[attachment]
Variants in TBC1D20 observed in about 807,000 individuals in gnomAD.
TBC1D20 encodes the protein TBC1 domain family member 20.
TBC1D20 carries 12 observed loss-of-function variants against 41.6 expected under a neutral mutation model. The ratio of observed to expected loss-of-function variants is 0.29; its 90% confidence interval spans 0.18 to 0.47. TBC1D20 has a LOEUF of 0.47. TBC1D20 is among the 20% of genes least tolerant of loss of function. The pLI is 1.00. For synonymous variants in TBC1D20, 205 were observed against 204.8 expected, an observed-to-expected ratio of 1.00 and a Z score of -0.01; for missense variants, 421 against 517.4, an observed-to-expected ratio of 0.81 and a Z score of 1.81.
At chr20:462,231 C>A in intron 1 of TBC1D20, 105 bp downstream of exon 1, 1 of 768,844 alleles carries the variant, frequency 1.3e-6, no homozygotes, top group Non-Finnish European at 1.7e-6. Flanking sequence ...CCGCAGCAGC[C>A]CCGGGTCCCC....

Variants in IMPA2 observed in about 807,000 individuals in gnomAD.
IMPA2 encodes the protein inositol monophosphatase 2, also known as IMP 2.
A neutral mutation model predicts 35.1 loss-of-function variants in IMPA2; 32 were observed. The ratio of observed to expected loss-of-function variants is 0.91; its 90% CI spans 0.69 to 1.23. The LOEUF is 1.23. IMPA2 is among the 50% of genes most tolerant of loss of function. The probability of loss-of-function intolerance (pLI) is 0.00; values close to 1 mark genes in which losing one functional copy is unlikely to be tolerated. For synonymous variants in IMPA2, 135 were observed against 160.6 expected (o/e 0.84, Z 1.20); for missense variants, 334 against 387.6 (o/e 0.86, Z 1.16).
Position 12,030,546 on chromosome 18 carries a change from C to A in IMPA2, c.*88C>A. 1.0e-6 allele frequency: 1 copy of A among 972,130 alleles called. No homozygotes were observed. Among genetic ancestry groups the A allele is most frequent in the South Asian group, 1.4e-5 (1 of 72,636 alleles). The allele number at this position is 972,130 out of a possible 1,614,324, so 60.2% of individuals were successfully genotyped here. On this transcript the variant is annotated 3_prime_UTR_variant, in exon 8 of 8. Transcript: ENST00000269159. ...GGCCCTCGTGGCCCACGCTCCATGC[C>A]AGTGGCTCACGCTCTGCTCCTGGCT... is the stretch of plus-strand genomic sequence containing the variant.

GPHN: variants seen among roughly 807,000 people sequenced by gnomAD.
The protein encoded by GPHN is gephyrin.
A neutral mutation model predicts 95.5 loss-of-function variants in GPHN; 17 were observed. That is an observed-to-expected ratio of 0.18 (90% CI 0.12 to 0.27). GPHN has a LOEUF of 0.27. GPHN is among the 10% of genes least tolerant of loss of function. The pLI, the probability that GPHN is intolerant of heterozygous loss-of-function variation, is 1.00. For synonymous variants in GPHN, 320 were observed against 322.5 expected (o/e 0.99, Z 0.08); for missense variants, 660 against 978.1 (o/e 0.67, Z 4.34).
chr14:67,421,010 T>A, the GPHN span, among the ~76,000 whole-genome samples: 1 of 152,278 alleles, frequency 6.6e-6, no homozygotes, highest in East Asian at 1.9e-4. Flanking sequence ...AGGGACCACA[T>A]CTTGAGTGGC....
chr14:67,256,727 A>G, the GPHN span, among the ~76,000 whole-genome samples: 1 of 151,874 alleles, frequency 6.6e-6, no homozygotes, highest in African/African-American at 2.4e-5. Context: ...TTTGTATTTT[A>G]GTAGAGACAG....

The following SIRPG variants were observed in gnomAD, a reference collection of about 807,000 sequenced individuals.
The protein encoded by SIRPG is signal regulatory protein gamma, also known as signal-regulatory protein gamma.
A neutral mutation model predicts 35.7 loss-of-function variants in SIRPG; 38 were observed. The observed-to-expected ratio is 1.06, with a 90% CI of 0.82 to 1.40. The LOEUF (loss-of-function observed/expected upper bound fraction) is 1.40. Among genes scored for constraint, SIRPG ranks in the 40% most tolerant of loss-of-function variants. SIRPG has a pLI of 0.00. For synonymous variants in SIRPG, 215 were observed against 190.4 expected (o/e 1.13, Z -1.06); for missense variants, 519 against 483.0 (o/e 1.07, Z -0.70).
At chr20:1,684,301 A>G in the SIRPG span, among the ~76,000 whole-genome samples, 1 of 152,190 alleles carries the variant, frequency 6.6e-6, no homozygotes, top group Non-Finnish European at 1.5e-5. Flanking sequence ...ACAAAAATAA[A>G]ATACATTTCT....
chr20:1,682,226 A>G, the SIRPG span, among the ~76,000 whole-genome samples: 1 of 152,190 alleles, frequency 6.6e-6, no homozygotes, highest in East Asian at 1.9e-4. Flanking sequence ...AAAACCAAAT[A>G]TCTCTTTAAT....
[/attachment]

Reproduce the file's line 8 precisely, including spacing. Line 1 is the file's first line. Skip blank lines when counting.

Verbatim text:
Position 12,030,546 on chromosome 18 carries a change from C to A in IMPA2, c.*88C>A. 1.0e-6 allele frequency: 1 copy of A among 972,130 alleles called. No homozygotes were observed. Among genetic ancestry groups the A allele is most frequent in the South Asian group, 1.4e-5 (1 of 72,636 alleles). The allele number at this position is 972,130 out of a possible 1,614,324, so 60.2% of individuals were successfully genotyped here. On this transcript the variant is annotated 3_prime_UTR_variant, in exon 8 of 8. Transcript: ENST00000269159. ...GGCCCTCGTGGCCCACGCTCCATGC[C>A]AGTGGCTCACGCTCTGCTCCTGGCT... is the stretch of plus-strand genomic sequence containing the variant.